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Stephanie St. Clair: How a Black Woman’s Empire Influenced Lotteries

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By Samuetta Hill Drew | For the Birmingham Times

Stephanie St. Clair was a racketeer who ran numerous enterprises in Harlem, New York in the early 20th century. (WIKIPEDIA)

As we continue to explore African American women and their influence and impact on our daily lives the name Stephanie St. Clair named surfaced. It was an unlikely name because most of the women in the past articles were inventors with U.S. patents or the like, but this was a woman who had invented a system which didn’t require a patent. It required a sharp mind, a strong will and a strong understanding of the U.S. economic system.

St. Clair was a young woman born in Martinique, French Caribbean on Dec. 24, 1897. She was the daughter of a single mother named Felicienne who stories say worked very hard to send her daughter to school, but unfortunately, she died when Stephanie was 12 years old. This meant the end of her formal education, so  St. Clair had to work.

She saved her money and moved to Montreal as a part of the 1910-1911 Caribbean Domestic Scheme, which brought domestic workers to Quebec. She soon migrated to the United States and continued this same profession of domestic work for whites in New York.  She used her long voyage and subsequent quarantine to learn English. She was now fluent in French, Spanish and English. =

She fell in love with a small-time crook named Duke who was killed in a gang fight. She started working as a numbers runner in Harlem which was a male dominated operation with her new boyfriend Ed. The numbers game has been created by a man from the West Indies. She had made $30,000 and told Ed she wanted to leave him and start her own business. He tried to strangle her, and she pushed him away with such force that Ed fell hitting his head against a table and died.

She began employing her own men, bribed policemen, and on April 12, 1917, invested $10,000 of her own money in a clandestine lottery game in Harlem. She was the only woman in the numbers game. She was the first to use the telephone as a tool for clients to send in their numbers. As a result of running one of the most successful numbers games in the city, she became known throughout Manhattan as Quennie, but Harlem residents referred to her as Madame St. Clair. The movies Cotton Comes to Harlem and Hoodlum have a brief depiction of her.

Why Stephanie St. Clair?

As a reader, one may still be wondering why spotlight St. Clair? Well, let’s continue to look into her life’s story and why the numbers game popularity in Harlem influenced government lotteries.

St. Clair was involved in policy banking, which for her was a mixture of investing, gambling and playing the lottery. It was also a predominantly Black industry which allowed many bankers to have a sense of agency that would not be possible in white-dominated fields. In this way, St. Clair used the underground economy in Harlem to address racial politics.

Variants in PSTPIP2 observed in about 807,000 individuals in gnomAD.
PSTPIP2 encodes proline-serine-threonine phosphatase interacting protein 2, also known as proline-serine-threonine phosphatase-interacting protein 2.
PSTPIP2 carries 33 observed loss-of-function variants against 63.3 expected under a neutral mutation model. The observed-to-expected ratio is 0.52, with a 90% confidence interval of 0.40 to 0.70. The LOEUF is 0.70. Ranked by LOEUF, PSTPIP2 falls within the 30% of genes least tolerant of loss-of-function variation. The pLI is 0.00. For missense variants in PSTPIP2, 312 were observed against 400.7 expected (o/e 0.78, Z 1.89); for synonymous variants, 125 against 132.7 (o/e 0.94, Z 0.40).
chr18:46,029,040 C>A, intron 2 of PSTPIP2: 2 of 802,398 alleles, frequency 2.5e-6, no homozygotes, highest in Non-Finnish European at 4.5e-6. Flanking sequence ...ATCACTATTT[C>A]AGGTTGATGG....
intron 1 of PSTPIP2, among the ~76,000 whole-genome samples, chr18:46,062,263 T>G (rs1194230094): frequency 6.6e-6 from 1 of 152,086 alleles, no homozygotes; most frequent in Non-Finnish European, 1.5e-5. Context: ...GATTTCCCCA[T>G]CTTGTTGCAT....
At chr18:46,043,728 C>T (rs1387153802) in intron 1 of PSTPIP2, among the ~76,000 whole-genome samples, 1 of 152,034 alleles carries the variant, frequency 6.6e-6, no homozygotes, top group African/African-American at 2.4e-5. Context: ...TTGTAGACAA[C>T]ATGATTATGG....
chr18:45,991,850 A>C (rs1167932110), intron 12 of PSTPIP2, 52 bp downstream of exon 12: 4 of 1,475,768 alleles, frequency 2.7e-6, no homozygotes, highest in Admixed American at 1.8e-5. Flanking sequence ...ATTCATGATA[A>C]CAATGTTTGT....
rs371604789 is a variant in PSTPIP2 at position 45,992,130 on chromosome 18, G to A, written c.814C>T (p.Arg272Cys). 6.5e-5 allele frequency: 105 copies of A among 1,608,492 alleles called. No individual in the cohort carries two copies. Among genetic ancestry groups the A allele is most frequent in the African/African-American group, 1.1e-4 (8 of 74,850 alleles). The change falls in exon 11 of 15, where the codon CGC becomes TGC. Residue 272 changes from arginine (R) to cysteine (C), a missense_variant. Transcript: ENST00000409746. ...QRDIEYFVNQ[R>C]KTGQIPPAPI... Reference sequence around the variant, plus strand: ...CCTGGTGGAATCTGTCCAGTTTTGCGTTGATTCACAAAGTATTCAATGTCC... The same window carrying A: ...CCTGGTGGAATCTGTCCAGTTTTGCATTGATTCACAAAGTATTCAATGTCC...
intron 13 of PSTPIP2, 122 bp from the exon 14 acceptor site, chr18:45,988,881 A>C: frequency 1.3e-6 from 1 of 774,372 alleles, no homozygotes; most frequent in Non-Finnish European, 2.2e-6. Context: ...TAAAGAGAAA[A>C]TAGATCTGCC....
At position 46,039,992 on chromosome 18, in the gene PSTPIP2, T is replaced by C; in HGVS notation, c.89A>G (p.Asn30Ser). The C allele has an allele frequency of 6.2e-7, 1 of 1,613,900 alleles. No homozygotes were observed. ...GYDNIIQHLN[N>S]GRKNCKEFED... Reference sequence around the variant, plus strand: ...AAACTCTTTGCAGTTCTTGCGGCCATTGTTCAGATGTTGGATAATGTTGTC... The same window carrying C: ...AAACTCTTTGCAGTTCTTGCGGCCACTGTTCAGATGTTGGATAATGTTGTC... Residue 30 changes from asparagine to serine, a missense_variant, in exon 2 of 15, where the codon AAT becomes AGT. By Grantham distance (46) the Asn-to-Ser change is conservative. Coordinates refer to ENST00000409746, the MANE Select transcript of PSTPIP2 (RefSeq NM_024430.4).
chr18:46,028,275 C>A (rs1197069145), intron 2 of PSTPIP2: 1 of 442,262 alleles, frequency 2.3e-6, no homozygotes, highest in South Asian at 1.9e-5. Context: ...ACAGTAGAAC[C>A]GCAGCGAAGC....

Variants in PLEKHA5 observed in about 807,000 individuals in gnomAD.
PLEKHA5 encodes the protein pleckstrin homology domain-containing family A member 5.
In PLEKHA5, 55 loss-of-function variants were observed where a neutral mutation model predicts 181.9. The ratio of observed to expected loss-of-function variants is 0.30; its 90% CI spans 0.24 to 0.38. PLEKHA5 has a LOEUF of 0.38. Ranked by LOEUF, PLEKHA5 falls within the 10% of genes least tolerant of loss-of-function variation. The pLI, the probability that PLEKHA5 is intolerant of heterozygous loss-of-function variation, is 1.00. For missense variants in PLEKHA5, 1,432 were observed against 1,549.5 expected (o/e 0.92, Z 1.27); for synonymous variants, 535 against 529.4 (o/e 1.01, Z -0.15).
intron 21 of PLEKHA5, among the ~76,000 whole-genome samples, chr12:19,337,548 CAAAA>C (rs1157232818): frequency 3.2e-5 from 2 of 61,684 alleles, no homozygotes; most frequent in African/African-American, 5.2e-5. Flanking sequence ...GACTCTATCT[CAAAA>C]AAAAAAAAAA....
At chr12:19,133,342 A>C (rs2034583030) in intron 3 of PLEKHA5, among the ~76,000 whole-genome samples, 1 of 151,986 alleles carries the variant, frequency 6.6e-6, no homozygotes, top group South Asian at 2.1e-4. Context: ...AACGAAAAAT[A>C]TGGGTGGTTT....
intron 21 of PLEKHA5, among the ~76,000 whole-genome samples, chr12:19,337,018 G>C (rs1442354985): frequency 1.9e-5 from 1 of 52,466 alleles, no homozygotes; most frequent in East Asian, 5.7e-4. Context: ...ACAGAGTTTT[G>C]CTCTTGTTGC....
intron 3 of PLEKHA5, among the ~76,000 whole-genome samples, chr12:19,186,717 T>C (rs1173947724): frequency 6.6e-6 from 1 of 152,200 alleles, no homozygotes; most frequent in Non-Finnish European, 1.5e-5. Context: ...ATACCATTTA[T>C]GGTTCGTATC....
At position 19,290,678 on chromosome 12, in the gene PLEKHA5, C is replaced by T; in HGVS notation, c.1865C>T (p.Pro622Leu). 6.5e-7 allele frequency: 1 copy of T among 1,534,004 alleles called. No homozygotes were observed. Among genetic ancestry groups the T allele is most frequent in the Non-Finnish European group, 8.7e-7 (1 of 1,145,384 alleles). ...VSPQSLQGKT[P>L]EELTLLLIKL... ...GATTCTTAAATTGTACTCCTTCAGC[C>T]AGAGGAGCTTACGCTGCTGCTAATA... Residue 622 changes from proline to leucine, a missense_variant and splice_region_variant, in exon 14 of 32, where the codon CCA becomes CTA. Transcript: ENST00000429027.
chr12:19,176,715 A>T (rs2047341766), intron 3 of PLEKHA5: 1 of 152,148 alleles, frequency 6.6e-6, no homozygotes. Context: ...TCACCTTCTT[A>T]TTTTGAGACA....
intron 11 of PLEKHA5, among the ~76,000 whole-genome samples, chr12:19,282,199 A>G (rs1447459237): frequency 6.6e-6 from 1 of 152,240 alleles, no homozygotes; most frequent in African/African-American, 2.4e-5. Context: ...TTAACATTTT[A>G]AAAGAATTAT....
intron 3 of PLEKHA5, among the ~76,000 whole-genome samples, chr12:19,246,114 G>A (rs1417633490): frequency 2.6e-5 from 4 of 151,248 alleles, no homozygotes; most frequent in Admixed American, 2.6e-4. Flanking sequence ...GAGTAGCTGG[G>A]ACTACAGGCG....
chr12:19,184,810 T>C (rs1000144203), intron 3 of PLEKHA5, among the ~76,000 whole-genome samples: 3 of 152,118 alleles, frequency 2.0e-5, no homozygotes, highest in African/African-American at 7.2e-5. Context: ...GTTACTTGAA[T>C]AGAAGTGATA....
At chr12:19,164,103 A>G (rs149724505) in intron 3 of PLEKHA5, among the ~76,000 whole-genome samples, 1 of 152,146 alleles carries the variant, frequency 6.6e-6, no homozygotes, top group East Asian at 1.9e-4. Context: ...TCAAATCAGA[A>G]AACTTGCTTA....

Many banks at this time would not accept black customers, so they were not able to invest legally. Policy banking wasn’t technically legal, but it was one of the few options offered to Black Harlem residents who wished to invest their money. In addition Blacks couldn’t get loans from banks to open legitimate businesses in Harlem, so they used the numbers banker’s activity to finance their legal ventures. St. Clair helped the Black Harlem community also by providing many with jobs such as numbers runners. She made millions and lived a lavish lifestyle. She helped her community by donating money to programs that promoted racial progress.

She was known to put out ads in the local newspapers educating the Harlem community about their legal rights, advocating for voting rights and calling out police brutality against the Black community. She complained to senior police officers of harassment of Blacks in Harlem by police officers to no avail. St. Clair fought against the Mafia Leader Dutch Schultz push to take over the numbers game in Harlem. Schultz had begun killing and beating Black numbers runners. She was sentenced to eight months in a workhouse on trumped-up charges. Later in her life she retired from the numbers game, became a prosperous businesswoman and continued her fight for political reform.  She died in 1969, shortly after her 73rd birthday.

As we end this article about St. Clair, it is important to quote a few sentences from the Journal of American History, Volume 101, Issue 1, June 2014 “A detailed study of the New York illegal numbers game conducted in 1972 revealed how high the stakes were in the conflict.

It described an industry with 24,000 employees  and annual revenue of $600 million……While studying the fight over numbers gambling broadens our understanding of the ways key Black communities sought to position themselves during the 1960s and 1970s, it also deepens our knowledge of the modern origins of the widespread use of lotteries as tools of governance….The numbers game was the hinge upon which the national approach toward gambling pivoted…”